New Delhi, Sep 1 (IANS) Exhibitions, dance performances, music, theatre, workshops and yoga — people Down Under are being treated to these Indian treats in an ongoing Indian festival.
Organised by India’s Ministry of Culture and the Indian Council of Cultural relations (ICCR) in association with the Australian government’s Department of Communication and the Arts, “Confluence – Festival of India in Australia” is fruition of an announcement by Prime Minister Narendra Modi during his visit to Australia in November 2014, and is running through 12 weeks from August to November.
Put together by Teamwork Arts, an entertainment company in the performing arts space, the festival is being hosted in seven Australian cities — Adelaide, Alice Springs, Brisbane, Canberra, Melbourne, Perth and Sydney.
Hosting a reception here in this connection on Wednesday evening, Australian High Commissioner to India Harinder Sidhu, who is of Indian origin, said that “Confluence” has put India-Australia relations right at the “front and centre”.
“Culture is the way to build understanding between people,” she said.
“The festival will showcase a wide range of Indian tradition and culture.”
Sidhu said the festival follows the Australian government’s “Oz Fest”, major cultural festival that ran in India from October 2012 to February 2013.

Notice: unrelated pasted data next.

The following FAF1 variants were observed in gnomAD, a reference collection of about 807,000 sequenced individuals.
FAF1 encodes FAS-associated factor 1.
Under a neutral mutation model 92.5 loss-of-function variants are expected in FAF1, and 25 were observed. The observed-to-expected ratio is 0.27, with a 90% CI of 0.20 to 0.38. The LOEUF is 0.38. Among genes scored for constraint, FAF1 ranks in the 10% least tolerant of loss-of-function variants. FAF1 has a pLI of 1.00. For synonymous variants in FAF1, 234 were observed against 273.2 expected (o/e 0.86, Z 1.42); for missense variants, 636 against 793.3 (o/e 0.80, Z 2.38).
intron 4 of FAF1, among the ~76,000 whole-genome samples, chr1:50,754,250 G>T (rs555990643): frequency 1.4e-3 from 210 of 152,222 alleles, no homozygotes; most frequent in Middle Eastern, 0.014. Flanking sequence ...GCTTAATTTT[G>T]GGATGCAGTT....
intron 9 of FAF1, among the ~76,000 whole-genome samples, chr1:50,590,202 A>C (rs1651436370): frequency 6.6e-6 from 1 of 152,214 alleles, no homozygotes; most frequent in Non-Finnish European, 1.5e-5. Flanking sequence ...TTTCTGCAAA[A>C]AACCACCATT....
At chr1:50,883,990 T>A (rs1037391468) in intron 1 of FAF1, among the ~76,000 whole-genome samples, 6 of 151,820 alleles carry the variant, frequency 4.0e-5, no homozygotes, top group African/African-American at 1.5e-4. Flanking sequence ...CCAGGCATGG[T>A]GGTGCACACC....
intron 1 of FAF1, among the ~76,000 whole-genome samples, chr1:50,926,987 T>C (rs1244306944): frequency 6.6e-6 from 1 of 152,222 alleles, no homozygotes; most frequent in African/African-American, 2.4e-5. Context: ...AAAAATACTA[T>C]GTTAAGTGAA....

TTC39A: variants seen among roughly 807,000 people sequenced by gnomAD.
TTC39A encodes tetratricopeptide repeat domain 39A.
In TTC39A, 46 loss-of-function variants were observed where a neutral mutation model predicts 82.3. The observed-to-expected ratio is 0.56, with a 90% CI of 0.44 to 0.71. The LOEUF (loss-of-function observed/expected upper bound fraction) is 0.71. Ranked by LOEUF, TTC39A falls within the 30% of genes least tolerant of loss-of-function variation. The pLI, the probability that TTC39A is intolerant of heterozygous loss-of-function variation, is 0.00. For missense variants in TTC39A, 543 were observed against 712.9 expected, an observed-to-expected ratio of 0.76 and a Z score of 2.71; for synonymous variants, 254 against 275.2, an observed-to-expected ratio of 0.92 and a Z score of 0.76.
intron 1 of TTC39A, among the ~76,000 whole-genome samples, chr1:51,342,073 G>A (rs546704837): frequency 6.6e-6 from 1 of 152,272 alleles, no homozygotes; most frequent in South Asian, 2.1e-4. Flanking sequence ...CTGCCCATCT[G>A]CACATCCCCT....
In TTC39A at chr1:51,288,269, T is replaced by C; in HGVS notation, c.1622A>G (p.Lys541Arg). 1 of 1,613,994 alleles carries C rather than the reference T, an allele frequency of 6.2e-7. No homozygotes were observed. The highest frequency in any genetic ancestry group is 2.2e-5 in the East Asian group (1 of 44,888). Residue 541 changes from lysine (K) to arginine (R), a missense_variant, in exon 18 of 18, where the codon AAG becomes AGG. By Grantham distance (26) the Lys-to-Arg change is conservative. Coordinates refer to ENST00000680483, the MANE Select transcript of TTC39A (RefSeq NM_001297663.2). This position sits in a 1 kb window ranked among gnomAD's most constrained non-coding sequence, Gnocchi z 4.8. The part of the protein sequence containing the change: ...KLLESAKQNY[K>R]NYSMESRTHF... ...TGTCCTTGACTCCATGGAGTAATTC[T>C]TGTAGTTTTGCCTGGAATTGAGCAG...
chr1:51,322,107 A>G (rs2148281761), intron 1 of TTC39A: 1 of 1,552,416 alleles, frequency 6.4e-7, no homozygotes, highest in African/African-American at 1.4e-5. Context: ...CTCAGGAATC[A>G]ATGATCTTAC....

Minister of State for External Affairs V.K. Singh, who was also present, said many events have been planned like classical dances, puppetry and Sufi music.
“We are grateful to the Australian government for their partnership,” he said.
ICCR Director C. Rajasekhar said: “The festival will have a lasting effect and get into the mindset of the Australian people.”
According to a festival statement, “Confluence” will showcase over 25 different productions, shows, exhibitions and seminars in 65 individual events including the “Colours of India” rooftop projection at the Australian National Maritime Museum in Sydney, life-sized puppet procession at the MPavilion in Melbourne and the Festival Gala at the Sydney Opera House.
A key component of the festival is collaboration between Indian and Australian artists and thinkers such as a joint performance by the Indian spiritual music group Sonam Kalra & The Sufi Gospel Project and Australian musician Ashlee Clement along with didgeridoo player Si Mullumby.
Renowned Indian cartoonist Ajit Ninan will discuss political humour with counterparts like David Pope, Mark Knight and Cathy Wilcox.